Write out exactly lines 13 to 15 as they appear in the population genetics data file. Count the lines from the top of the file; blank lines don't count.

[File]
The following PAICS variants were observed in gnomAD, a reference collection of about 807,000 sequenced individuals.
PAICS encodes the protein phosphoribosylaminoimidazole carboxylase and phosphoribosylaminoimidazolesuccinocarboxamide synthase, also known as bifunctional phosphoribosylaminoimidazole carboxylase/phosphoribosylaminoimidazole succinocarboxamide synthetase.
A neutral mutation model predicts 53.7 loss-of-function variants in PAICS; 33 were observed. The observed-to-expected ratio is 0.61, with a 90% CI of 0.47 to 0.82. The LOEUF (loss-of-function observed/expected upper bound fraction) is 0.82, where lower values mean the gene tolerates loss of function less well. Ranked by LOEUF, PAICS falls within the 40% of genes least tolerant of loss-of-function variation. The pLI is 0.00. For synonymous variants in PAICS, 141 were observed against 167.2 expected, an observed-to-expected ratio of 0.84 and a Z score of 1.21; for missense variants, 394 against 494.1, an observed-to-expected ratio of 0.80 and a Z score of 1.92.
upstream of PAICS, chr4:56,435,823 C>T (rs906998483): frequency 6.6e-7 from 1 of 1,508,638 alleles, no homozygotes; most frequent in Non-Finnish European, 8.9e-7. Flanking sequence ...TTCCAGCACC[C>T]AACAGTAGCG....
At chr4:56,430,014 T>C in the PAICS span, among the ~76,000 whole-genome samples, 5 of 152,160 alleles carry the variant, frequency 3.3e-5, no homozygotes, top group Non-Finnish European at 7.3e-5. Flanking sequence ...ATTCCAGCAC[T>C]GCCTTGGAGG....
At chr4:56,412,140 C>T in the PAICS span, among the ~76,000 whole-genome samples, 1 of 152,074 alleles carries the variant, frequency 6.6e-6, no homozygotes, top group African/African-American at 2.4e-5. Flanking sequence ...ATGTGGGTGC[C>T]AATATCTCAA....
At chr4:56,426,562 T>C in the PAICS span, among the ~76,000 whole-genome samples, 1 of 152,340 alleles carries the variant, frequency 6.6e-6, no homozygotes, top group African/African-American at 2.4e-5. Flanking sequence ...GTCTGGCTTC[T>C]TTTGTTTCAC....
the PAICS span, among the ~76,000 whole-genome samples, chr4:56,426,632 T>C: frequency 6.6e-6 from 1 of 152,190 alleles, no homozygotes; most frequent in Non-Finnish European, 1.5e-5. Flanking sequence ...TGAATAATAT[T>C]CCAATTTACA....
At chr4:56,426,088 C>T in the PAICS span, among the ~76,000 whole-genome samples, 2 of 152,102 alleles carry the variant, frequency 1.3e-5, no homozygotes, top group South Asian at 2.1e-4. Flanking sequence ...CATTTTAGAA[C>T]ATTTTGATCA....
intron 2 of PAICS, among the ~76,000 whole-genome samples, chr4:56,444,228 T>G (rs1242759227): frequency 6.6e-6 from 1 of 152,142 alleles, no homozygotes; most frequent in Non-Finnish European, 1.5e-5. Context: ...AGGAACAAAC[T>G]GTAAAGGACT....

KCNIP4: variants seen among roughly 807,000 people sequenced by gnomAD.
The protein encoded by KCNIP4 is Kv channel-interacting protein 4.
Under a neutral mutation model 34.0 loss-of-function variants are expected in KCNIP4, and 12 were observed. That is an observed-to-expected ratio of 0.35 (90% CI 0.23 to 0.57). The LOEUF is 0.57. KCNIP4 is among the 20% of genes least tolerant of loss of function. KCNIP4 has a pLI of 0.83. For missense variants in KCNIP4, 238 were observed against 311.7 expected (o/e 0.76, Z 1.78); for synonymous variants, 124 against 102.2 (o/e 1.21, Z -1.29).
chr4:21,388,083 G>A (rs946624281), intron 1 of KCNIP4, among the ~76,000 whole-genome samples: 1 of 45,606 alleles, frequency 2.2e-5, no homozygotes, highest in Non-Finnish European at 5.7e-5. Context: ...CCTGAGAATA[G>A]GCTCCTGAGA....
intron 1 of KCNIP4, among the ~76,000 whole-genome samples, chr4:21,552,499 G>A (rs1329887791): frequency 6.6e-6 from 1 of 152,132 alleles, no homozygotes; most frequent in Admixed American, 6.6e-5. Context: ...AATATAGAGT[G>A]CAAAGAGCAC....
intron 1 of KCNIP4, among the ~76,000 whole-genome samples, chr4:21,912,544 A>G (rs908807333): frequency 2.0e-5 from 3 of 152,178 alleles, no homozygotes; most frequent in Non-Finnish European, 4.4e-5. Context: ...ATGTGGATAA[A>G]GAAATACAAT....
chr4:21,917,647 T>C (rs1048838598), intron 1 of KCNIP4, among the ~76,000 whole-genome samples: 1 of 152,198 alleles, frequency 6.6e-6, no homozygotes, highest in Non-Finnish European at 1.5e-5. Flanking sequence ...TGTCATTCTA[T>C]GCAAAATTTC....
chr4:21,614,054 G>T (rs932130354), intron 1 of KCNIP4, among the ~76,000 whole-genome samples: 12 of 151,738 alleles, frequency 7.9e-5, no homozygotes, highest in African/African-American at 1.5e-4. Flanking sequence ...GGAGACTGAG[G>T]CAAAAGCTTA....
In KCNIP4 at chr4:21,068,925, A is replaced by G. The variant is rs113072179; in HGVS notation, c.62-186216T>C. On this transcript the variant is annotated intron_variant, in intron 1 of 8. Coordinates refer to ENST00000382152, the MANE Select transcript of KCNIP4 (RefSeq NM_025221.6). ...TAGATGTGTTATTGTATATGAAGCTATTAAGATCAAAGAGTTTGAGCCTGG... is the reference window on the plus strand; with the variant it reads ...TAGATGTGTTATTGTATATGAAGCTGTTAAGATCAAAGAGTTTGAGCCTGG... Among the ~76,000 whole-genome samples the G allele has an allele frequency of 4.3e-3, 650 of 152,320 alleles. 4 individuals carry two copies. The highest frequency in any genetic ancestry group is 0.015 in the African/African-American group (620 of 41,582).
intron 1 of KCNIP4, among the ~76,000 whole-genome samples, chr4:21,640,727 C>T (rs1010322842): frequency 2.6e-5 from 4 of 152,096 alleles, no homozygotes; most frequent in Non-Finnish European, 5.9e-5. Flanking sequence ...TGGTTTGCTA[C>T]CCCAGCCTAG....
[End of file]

Under a neutral mutation model 34.0 loss-of-function variants are expected in KCNIP4, and 12 were observed. That is an observed-to-expected ratio of 0.35 (90% CI 0.23 to 0.57). The LOEUF is 0.57. KCNIP4 is among the 20% of genes least tolerant of loss of function. KCNIP4 has a pLI of 0.83. For missense variants in KCNIP4, 238 were observed against 311.7 expected (o/e 0.76, Z 1.78); for synonymous variants, 124 against 102.2 (o/e 1.21, Z -1.29).
chr4:21,388,083 G>A (rs946624281), intron 1 of KCNIP4, among the ~76,000 whole-genome samples: 1 of 45,606 alleles, frequency 2.2e-5, no homozygotes, highest in Non-Finnish European at 5.7e-5. Context: ...CCTGAGAATA[G>A]GCTCCTGAGA....
intron 1 of KCNIP4, among the ~76,000 whole-genome samples, chr4:21,552,499 G>A (rs1329887791): frequency 6.6e-6 from 1 of 152,132 alleles, no homozygotes; most frequent in Admixed American, 6.6e-5. Context: ...AATATAGAGT[G>A]CAAAGAGCAC....